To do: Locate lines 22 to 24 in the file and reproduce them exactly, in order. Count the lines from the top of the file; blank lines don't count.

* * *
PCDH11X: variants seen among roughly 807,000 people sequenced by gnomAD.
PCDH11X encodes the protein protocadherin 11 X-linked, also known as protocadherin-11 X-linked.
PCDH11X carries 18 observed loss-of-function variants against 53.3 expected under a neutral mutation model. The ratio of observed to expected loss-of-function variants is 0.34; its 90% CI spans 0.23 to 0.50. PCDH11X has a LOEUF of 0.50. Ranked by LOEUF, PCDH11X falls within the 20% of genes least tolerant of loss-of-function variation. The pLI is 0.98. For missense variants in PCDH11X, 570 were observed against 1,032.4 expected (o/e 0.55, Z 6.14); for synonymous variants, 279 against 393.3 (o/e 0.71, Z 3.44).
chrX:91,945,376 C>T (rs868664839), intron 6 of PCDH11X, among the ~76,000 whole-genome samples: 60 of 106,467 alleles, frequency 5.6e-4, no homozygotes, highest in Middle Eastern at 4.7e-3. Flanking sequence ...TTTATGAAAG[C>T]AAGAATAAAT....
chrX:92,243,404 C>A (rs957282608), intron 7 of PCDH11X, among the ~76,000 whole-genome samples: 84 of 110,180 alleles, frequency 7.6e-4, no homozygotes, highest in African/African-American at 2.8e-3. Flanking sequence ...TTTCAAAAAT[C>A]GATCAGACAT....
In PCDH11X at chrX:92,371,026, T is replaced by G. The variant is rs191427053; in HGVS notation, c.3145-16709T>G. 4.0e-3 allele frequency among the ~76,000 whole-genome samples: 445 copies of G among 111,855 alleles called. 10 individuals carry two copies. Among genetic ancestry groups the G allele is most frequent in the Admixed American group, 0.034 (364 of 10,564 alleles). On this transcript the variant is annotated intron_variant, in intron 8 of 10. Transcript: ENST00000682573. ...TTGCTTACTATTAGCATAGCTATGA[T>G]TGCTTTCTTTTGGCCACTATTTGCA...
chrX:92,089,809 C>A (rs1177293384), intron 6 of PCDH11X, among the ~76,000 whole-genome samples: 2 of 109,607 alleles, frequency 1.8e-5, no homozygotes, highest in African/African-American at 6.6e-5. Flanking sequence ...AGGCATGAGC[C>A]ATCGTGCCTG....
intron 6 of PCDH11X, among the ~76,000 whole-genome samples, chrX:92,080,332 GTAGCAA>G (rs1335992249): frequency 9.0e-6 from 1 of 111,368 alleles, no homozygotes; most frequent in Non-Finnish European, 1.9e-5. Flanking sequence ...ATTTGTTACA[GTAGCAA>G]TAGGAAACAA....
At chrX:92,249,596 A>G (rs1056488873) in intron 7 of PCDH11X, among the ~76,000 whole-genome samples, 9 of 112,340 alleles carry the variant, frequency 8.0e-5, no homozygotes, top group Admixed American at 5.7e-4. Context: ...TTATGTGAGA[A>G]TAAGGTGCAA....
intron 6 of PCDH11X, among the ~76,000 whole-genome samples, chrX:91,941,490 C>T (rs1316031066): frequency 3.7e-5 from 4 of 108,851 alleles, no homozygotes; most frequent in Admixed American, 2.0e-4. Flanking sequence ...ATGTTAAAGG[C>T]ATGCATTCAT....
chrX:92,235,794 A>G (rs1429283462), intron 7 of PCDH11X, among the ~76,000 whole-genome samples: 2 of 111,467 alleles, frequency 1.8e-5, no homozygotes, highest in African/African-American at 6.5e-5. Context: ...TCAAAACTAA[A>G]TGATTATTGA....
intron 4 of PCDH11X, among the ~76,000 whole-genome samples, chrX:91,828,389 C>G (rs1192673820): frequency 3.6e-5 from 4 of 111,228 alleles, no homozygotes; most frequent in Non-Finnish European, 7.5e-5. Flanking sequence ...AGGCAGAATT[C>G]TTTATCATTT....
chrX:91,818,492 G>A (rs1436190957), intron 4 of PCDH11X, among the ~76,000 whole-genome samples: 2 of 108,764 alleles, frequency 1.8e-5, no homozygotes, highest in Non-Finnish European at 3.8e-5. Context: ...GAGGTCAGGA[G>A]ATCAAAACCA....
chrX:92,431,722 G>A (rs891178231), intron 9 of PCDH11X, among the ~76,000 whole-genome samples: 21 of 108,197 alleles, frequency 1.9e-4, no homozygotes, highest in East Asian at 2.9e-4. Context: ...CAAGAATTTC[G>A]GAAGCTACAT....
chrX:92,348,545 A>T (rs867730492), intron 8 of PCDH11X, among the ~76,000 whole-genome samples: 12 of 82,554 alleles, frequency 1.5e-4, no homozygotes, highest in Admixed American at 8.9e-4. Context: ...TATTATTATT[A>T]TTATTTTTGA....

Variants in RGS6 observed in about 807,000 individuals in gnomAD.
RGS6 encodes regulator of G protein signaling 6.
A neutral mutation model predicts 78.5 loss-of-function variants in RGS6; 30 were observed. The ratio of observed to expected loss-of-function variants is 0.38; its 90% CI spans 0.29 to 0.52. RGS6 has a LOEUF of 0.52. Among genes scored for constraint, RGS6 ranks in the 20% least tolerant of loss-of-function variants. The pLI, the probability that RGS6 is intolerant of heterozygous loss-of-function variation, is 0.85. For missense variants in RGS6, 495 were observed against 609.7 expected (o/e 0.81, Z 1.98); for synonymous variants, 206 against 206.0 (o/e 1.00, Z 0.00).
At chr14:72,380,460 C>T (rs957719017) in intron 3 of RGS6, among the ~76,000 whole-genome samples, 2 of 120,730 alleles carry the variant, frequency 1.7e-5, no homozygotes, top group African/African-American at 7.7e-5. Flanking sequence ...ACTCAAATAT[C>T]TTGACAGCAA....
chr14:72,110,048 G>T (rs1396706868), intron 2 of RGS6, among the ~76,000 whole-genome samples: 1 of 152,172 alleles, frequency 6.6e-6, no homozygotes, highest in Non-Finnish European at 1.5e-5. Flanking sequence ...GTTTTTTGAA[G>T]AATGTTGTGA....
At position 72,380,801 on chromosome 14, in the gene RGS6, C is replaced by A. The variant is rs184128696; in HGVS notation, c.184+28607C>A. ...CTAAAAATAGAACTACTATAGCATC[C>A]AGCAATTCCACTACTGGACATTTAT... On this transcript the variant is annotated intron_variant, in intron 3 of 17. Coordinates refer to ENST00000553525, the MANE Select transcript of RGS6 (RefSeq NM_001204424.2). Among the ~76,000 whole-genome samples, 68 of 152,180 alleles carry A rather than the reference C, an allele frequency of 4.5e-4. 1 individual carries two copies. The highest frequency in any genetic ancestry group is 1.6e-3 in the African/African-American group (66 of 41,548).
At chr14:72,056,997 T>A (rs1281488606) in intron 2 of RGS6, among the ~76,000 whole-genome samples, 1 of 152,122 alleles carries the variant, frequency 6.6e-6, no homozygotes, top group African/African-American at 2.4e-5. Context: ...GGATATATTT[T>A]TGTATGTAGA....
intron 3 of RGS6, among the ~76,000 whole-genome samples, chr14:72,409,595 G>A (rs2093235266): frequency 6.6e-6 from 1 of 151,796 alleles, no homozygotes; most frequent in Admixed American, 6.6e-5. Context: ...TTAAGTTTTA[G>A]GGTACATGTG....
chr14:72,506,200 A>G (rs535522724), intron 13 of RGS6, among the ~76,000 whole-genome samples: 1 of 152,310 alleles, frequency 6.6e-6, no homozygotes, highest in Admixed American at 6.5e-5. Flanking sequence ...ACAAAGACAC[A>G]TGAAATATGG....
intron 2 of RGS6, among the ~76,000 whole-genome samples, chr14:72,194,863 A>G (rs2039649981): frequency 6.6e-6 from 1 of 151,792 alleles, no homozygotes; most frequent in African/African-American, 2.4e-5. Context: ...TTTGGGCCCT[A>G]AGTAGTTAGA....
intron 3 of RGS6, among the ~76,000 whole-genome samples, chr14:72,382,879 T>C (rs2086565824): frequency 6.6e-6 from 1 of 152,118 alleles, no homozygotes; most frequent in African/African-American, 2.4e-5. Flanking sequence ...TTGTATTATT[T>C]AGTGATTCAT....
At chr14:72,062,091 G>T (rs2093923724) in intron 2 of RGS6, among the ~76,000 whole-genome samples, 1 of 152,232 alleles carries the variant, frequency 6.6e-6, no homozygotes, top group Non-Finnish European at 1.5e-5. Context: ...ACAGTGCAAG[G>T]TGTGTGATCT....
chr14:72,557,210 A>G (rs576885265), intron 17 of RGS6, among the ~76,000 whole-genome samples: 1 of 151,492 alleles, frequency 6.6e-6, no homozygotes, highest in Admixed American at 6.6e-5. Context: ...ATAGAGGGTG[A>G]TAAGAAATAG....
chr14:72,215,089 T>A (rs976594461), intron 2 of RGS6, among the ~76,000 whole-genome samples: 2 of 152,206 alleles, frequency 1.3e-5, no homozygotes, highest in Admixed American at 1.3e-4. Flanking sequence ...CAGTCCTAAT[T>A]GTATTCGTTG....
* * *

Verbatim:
At chr14:72,056,997 T>A (rs1281488606) in intron 2 of RGS6, among the ~76,000 whole-genome samples, 1 of 152,122 alleles carries the variant, frequency 6.6e-6, no homozygotes, top group African/African-American at 2.4e-5. Context: ...GGATATATTT[T>A]TGTATGTAGA....
intron 3 of RGS6, among the ~76,000 whole-genome samples, chr14:72,409,595 G>A (rs2093235266): frequency 6.6e-6 from 1 of 151,796 alleles, no homozygotes; most frequent in Admixed American, 6.6e-5. Context: ...TTAAGTTTTA[G>A]GGTACATGTG....
chr14:72,506,200 A>G (rs535522724), intron 13 of RGS6, among the ~76,000 whole-genome samples: 1 of 152,310 alleles, frequency 6.6e-6, no homozygotes, highest in Admixed American at 6.5e-5. Flanking sequence ...ACAAAGACAC[A>G]TGAAATATGG....